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NCAA Selection Show Breakdown

Chris Dawson gives insight on certain particulars the selection committee had to decide for their final cut for March Madness.

Brian Spurlock-USA TODAY Sports

Chris Dawson, the Chair of the Division I Women's Basketball Championship Sports Committee, answered some questions following the Monday night selection show based on their final results as a committee.

With the NCAA Tournament Selection Committee, they watched over 1,200 games over the course of the year. With watching all those games also comes the analysis of teams including their team data, key injuries for teams, RPI rankings, strength of schedule, what every knowledge the committee felt would help prepare them for deciding the 64 teams who would play in the tournament.

Dawson broke down questions based on how herself and the rest of the committee reached their final decisions. In order to create entertaining games, the committee decided the teams with three steps: selection of the teams, ranking the teams in real order of 1-64 and bracketing teams into regions. Dawson reiterated the difficulty this is every year of deciding which teams across the nation will, in fact, get in.

There was a question asked in regards to keeping Kentucky in the Lexington region, essential allowing Kentucky to be playing in their backyard. Dawson gave an in-depth of the explanation of the placing for Kentucky.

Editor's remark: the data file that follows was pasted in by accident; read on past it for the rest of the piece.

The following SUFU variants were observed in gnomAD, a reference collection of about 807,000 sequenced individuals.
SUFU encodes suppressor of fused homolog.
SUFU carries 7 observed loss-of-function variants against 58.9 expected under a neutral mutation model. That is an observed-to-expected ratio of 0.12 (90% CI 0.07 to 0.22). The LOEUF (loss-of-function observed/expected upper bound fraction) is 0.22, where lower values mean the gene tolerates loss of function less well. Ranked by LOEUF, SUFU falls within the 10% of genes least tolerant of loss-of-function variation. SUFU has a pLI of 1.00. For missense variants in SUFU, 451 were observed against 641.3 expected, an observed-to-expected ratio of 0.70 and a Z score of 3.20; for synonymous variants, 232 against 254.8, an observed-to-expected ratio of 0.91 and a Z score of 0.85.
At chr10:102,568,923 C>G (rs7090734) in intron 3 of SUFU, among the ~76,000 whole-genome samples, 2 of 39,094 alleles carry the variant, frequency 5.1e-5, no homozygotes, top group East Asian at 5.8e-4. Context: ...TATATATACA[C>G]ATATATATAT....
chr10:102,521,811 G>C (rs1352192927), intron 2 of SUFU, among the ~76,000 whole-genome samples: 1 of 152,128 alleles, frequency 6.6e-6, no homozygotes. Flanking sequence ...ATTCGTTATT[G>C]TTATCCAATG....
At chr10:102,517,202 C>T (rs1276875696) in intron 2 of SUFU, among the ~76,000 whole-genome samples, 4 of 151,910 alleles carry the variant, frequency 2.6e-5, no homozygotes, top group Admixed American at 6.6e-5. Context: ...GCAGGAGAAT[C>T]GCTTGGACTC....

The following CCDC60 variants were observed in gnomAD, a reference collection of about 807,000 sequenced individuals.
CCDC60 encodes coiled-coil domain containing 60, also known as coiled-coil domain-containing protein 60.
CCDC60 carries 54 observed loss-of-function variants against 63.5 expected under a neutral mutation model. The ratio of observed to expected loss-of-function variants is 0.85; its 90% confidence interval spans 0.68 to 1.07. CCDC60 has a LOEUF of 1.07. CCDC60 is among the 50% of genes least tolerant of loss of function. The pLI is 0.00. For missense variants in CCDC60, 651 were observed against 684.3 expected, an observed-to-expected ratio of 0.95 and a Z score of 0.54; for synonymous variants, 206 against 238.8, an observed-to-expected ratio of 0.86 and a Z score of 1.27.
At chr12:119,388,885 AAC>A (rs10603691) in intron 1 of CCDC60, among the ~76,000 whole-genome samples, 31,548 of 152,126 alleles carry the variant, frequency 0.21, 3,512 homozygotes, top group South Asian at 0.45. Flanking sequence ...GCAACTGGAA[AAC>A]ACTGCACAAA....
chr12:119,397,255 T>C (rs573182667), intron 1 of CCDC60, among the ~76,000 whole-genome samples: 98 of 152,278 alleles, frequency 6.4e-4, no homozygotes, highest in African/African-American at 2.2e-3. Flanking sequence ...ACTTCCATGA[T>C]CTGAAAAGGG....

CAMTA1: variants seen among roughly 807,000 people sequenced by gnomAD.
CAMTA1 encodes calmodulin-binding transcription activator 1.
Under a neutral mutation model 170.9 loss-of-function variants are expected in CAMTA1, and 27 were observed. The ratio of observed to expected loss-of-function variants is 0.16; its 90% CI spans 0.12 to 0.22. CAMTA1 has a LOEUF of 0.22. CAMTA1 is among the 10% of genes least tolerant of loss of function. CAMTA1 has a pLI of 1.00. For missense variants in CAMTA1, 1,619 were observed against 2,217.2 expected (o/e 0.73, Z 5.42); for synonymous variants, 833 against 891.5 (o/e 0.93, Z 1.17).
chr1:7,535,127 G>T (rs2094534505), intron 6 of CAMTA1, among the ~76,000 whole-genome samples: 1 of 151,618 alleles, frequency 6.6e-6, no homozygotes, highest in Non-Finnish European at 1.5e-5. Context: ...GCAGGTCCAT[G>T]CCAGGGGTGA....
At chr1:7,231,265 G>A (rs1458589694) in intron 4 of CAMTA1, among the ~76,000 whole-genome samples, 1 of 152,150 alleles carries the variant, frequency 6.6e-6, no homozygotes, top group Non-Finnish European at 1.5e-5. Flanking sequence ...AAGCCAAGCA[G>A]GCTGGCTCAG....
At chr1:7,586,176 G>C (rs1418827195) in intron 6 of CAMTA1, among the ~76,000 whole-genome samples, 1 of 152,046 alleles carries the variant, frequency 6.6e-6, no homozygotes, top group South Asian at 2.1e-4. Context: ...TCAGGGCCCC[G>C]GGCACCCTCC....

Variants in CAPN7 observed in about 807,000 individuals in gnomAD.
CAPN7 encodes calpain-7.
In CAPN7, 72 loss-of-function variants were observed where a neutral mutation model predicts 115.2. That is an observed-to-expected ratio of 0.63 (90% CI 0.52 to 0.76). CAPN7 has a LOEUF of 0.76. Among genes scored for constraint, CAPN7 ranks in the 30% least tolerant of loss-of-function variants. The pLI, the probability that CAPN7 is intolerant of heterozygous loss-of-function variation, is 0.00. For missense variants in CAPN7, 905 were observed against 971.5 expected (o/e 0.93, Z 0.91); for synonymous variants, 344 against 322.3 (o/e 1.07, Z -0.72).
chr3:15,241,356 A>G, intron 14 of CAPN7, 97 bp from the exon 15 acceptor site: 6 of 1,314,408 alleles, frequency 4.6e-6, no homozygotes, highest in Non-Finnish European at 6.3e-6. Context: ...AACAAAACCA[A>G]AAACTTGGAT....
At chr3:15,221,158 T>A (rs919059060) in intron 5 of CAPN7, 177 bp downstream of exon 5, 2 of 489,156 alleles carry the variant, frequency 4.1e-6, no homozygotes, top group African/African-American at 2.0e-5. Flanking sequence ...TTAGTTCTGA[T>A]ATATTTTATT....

Dawson answered with, "We faced some unique challenges, because we had multiple teams from multiple conferences in the top four lines. We have a seeding principle that says that when you have teams from the same conference in the top four lines, you have to separate them into each region.

"And so the result of some of that separation was one of the factors that caused Connecticut to -- Connecticut."

She continued, "That caused Kentucky to end up in the Lexington regional. We also have a principle that says for regional competition; a team can't play at a site where they have played more than two games; any arena, a specific arena, where they haven't played more than two games, not including their conference postseason tournament.

"And Kentucky played fewer than three regular-season games at Rupp Arena. Thus, when they bid and secured the bid, the way the bracket worked out, Kentucky ended up at Lexington."

The placement doesn't stop there, as the committee feels due to the placement of the regions; there will be a lot of fans and support in the area. The support will be noticeable in all four regions in the tournament.

Having an answer such as this, eyebrows were raised to see Connecticut and the University of South Florida in the same bracket even though they are in the same conference. Dawson clarified, "One of the bracketing principles is that teams from the same conference should not meet until the regional Final, and that would be the case if South Florida and UCONN both advance. I think having those two in the same region was largely a function of the need to separate other conference teams."